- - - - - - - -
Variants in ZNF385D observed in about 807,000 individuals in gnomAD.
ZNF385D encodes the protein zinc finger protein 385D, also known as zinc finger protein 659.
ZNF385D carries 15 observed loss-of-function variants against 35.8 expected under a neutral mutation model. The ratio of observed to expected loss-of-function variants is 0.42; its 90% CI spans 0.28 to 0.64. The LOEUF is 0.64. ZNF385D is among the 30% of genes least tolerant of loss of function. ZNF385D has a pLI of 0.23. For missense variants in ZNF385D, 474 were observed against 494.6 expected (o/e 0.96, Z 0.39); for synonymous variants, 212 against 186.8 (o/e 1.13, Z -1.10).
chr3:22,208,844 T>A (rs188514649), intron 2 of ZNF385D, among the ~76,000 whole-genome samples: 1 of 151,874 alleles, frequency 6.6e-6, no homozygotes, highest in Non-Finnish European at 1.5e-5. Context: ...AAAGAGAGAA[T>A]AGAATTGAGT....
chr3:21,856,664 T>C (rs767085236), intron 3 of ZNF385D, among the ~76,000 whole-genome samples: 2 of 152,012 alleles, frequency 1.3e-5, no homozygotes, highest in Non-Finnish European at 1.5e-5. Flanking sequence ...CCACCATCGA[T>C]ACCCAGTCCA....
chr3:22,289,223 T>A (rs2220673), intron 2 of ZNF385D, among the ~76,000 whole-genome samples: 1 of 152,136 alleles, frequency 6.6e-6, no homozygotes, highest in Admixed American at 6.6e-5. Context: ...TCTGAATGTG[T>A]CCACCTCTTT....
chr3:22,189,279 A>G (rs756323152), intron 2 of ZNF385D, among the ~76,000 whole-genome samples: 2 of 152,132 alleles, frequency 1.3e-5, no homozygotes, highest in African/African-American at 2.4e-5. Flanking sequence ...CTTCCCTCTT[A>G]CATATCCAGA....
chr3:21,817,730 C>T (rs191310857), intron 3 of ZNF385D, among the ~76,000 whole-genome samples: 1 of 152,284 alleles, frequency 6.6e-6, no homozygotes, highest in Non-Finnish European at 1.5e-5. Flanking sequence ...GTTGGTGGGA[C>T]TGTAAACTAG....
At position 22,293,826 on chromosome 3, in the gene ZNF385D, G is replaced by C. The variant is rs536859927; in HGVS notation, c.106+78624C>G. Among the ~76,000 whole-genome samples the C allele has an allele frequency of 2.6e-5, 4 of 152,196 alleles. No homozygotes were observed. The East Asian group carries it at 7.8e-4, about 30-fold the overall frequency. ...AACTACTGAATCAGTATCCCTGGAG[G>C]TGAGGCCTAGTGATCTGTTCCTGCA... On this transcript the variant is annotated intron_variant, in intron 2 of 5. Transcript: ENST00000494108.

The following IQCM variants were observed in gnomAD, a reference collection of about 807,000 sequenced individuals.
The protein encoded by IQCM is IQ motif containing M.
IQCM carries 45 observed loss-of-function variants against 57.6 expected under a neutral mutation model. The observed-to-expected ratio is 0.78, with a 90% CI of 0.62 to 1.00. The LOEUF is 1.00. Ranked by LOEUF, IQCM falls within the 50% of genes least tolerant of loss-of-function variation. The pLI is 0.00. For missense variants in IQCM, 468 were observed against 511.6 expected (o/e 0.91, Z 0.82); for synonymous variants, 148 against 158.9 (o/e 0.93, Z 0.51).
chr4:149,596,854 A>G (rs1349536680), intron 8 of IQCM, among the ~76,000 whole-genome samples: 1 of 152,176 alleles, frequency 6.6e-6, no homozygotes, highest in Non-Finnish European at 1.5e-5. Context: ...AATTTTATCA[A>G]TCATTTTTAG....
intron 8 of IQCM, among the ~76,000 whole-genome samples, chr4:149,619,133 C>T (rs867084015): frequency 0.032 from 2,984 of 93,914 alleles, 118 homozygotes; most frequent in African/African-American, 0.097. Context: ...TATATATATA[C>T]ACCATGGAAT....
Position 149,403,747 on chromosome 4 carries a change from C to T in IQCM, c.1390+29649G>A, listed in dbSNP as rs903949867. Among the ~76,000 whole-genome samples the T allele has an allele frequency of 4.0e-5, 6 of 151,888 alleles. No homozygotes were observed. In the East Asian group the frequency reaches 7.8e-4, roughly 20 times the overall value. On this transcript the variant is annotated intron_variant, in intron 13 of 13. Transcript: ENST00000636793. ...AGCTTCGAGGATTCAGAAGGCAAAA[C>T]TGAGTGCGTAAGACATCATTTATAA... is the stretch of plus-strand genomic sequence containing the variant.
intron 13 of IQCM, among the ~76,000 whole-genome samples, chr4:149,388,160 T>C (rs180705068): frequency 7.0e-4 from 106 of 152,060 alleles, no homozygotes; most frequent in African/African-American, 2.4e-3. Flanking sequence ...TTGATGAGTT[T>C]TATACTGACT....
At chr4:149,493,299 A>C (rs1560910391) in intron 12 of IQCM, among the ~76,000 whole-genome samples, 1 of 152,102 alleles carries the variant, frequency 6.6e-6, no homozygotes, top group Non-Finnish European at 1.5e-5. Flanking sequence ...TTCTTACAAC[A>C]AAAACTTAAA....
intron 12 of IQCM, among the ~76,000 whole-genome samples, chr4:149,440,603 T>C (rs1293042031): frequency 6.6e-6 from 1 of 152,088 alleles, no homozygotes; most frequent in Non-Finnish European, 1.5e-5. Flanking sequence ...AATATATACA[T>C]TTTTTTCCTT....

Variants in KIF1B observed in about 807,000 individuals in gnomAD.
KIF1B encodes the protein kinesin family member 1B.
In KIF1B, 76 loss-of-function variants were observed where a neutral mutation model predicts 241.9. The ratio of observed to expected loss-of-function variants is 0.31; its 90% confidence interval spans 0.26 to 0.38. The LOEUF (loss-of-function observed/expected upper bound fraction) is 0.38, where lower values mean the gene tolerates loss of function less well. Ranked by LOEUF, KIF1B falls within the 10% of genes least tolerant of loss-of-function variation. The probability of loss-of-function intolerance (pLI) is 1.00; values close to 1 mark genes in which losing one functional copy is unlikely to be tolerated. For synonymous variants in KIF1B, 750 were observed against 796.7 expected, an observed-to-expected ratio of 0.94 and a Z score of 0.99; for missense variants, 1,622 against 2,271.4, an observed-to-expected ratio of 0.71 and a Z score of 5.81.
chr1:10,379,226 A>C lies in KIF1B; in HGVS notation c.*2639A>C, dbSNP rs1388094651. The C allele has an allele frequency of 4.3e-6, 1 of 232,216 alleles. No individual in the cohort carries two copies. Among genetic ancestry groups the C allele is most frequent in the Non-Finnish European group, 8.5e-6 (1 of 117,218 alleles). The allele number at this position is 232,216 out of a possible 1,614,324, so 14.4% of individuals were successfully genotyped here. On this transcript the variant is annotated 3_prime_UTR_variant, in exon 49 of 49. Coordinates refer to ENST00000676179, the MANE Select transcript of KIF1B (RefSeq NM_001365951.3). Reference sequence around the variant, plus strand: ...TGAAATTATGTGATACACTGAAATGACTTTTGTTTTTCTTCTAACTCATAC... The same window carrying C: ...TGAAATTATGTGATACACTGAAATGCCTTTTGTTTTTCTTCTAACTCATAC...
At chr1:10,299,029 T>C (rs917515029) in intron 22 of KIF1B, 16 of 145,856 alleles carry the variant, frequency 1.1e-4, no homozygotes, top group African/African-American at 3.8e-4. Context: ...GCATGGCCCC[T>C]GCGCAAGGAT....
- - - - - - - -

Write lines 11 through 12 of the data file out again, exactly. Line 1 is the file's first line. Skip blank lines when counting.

The protein encoded by IQCM is IQ motif containing M.
IQCM carries 45 observed loss-of-function variants against 57.6 expected under a neutral mutation model. The observed-to-expected ratio is 0.78, with a 90% CI of 0.62 to 1.00. The LOEUF is 1.00. Ranked by LOEUF, IQCM falls within the 50% of genes least tolerant of loss-of-function variation. The pLI is 0.00. For missense variants in IQCM, 468 were observed against 511.6 expected (o/e 0.91, Z 0.82); for synonymous variants, 148 against 158.9 (o/e 0.93, Z 0.51).